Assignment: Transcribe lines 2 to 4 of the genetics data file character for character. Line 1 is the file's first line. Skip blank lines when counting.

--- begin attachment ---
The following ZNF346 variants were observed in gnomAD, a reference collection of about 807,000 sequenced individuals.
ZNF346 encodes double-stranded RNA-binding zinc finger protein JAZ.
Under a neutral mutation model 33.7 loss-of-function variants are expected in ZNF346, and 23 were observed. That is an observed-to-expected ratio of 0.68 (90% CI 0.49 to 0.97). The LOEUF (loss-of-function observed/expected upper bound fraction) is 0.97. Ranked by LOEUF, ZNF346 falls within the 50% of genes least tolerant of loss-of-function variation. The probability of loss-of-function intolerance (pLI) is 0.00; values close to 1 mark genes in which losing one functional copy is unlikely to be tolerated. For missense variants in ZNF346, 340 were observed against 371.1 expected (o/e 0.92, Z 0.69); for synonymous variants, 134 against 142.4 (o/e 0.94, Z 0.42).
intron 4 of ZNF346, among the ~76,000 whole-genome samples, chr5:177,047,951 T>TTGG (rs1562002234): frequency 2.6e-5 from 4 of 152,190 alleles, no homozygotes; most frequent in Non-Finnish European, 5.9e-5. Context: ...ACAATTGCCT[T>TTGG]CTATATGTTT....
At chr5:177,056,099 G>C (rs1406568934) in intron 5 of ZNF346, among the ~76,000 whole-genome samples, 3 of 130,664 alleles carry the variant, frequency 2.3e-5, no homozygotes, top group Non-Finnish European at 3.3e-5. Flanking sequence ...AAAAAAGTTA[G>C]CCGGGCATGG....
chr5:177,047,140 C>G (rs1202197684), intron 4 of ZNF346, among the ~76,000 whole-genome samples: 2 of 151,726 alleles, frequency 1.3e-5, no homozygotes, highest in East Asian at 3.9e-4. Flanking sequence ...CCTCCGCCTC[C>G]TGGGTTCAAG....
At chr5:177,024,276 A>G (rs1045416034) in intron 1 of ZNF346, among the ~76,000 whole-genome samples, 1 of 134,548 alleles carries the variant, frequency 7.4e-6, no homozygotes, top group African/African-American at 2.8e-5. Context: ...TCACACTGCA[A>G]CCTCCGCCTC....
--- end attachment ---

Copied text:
ZNF346 encodes double-stranded RNA-binding zinc finger protein JAZ.
Under a neutral mutation model 33.7 loss-of-function variants are expected in ZNF346, and 23 were observed. That is an observed-to-expected ratio of 0.68 (90% CI 0.49 to 0.97). The LOEUF (loss-of-function observed/expected upper bound fraction) is 0.97. Ranked by LOEUF, ZNF346 falls within the 50% of genes least tolerant of loss-of-function variation. The probability of loss-of-function intolerance (pLI) is 0.00; values close to 1 mark genes in which losing one functional copy is unlikely to be tolerated. For missense variants in ZNF346, 340 were observed against 371.1 expected (o/e 0.92, Z 0.69); for synonymous variants, 134 against 142.4 (o/e 0.94, Z 0.42).
intron 4 of ZNF346, among the ~76,000 whole-genome samples, chr5:177,047,951 T>TTGG (rs1562002234): frequency 2.6e-5 from 4 of 152,190 alleles, no homozygotes; most frequent in Non-Finnish European, 5.9e-5. Context: ...ACAATTGCCT[T>TTGG]CTATATGTTT....